(The) so-called unity of consciousness is an illusion. It is really a wish-dream. We like to think that we are one; but we are not, most decidedly not. We are not really masters in our house. We like to believe in our will-power and in our energy and in what we can do; but when it comes to a real show-down we find that we can do it only to a certain extent, because we are hampered by those little devils the complexes.  Complexes are autonomous groups of associations that have a tendency to move by themselves, to live their own life apart from our intentions. AP 81

It is evident, then, that in our daily living we are but half men and that all societies actually favor and foster such a fractioning through their moral assignments of men’s thoughts, words, and deeds either to the vice side or the virtue side of their ledgers.  Thus in the Christian system of symbolic forms, where the Cross is central, Heaven is above, to which the good go, and Hell below, to which the wicked are assigned; but on Calvary the cross of Jesus stood between  those of the good thief and the bad, the first of whom would be taken up to Heaven, and the latter sent down to Hell.  Jesus himself would descend into Hell before ascending to Heaven since, in his character as total man, eternal as well as historical, and transcendent thus of all pairs-of-opposites (male and female no less than good and evil, as was Adam before the Fall and before Even had been taken from his rib), he transcends in his being all terms of conflict whatsoever, even that of God and Man.  TMD 194

The symbolism is obvious: to his left and right are the opposed thieves; himself, in the middle, will descend with one and with the other ascend to that height from which he has already come down.  Thus Christ is bound to neither of the opposed terms, neither to the vertical nor to the horizontal beam of his cross, though historically he is indeed bound, even crucified – as we all are in our own lives.  We, however, through faith in his image, are unbound and “saved.”  TMD 195

If we read this metaphor of crucifixion in the psychological terms suggested by Jung’s designation of sensation and intuition, feeling and thinking, then we recognize that in our living – in our temporal, historical living – we are bound either to one or to the other of the opposed terms of each pair, and hence to a knowledge or idea of good and evil that commits us to living as but part men.  It follows that to be released from this limitation one must in some sense die to the law of virtue and sin under which one lives in this world and judges, opening oneself to a circulation of energy and light through all four of the functions, while remaining centered in the middle, so to say, like the Tree of Life in the garden, where the rivers flow to the four directions; or like the point of crossing of the two beams of the cross, behind the head of the Savior, crowned with a crown of thorns.  “Our old self,” states Paul, “was crucified with him so that the sinful body might be destroyed…. For sin will have no dominion over you, since you are not under law but under grace” (Rom. 6:6 and 14).  TMD 195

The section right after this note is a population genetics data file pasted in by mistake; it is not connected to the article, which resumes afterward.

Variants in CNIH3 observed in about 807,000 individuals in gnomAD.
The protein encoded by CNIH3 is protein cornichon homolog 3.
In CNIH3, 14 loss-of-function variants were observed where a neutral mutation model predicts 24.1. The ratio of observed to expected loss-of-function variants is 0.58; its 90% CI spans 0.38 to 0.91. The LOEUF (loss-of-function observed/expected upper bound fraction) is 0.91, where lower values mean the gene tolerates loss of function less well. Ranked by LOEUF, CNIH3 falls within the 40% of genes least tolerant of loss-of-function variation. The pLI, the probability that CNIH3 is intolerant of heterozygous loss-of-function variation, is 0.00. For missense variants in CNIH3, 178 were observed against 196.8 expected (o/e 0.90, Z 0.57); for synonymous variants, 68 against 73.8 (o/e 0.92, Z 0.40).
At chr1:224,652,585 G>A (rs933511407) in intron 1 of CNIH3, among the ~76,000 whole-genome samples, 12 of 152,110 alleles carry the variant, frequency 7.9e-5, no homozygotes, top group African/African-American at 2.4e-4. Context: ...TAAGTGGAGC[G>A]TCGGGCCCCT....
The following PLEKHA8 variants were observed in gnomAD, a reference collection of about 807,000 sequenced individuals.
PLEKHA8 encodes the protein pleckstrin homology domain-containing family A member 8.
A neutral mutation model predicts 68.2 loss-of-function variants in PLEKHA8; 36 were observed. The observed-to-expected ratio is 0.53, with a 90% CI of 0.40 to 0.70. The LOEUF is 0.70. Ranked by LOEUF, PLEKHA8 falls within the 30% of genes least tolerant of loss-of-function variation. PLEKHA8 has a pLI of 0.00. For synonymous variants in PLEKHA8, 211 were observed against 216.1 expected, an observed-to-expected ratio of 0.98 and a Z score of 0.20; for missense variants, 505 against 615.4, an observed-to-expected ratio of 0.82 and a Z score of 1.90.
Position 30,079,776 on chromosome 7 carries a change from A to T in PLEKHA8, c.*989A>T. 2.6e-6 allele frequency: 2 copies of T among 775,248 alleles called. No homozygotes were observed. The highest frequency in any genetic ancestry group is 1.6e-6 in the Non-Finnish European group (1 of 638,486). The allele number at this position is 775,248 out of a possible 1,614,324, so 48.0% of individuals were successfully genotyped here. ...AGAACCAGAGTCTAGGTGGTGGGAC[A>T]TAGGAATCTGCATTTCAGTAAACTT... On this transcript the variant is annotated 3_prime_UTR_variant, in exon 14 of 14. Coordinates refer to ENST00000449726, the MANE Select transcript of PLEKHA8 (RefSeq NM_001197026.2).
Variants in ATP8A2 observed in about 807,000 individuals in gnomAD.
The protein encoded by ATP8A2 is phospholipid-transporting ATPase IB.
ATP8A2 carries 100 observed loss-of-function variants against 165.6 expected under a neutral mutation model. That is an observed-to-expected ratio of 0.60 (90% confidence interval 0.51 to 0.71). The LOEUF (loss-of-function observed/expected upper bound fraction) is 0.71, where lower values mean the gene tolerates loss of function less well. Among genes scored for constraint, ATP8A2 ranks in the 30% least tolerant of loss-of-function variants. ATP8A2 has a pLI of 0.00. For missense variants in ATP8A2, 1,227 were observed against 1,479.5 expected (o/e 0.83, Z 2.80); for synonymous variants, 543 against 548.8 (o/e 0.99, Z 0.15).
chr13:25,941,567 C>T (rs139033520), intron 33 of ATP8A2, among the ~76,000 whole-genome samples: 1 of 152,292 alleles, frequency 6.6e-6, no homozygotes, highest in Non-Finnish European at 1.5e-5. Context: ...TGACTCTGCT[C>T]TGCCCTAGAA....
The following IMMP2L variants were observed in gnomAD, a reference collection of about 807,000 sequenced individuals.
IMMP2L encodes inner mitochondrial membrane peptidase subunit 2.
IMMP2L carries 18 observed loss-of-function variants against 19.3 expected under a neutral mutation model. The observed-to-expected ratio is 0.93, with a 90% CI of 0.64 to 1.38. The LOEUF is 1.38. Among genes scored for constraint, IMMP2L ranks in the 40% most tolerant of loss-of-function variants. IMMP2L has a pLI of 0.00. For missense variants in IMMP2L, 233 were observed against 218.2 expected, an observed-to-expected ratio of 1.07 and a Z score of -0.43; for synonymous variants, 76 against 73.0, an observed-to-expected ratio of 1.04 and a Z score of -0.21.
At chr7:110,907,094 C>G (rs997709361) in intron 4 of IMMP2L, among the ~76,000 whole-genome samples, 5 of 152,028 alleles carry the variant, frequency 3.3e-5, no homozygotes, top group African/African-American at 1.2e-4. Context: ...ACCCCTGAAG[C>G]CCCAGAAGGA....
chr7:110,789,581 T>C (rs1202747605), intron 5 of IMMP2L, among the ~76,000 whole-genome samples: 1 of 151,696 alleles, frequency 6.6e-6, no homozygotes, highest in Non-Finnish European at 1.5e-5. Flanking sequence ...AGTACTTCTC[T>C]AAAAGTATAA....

The real meaning of the coniunctio is that it brings to birth something that is one and united.  TPofT 86

The coniunctio is one of these archetypes.  The absorptive power of the archetype explains not only the widespread incidence of this motif but also the passionate intensity with which it seizes upon the individual, often in defiance of all reason and understanding.  TPotT 130

   The extreme consequence of this is the dissolution of the ego in the unconscious, a state resembling death.  It results from the more or less complete identification of the ego with unconscious factors, or as we would say, from contamination.  This is what the alchemists experienced as immunditia, pollution.  TPotT 130



(Thou seest that he who seemeth to be one is yet not one, but as many persons appear in him as he hath velleities).   Possession by the unconscious means being torn apart into many people and things, a disunictio. That is why, according to Origen, the aim of the Christian is to become an inwardly united human being.  The blind insistence on the outward community of the Church naturally fails to fulfil this aim; on the contrary, it inadvertently provides the inner disunity with an outward vessel without really changing the disunctio into a coniunctio.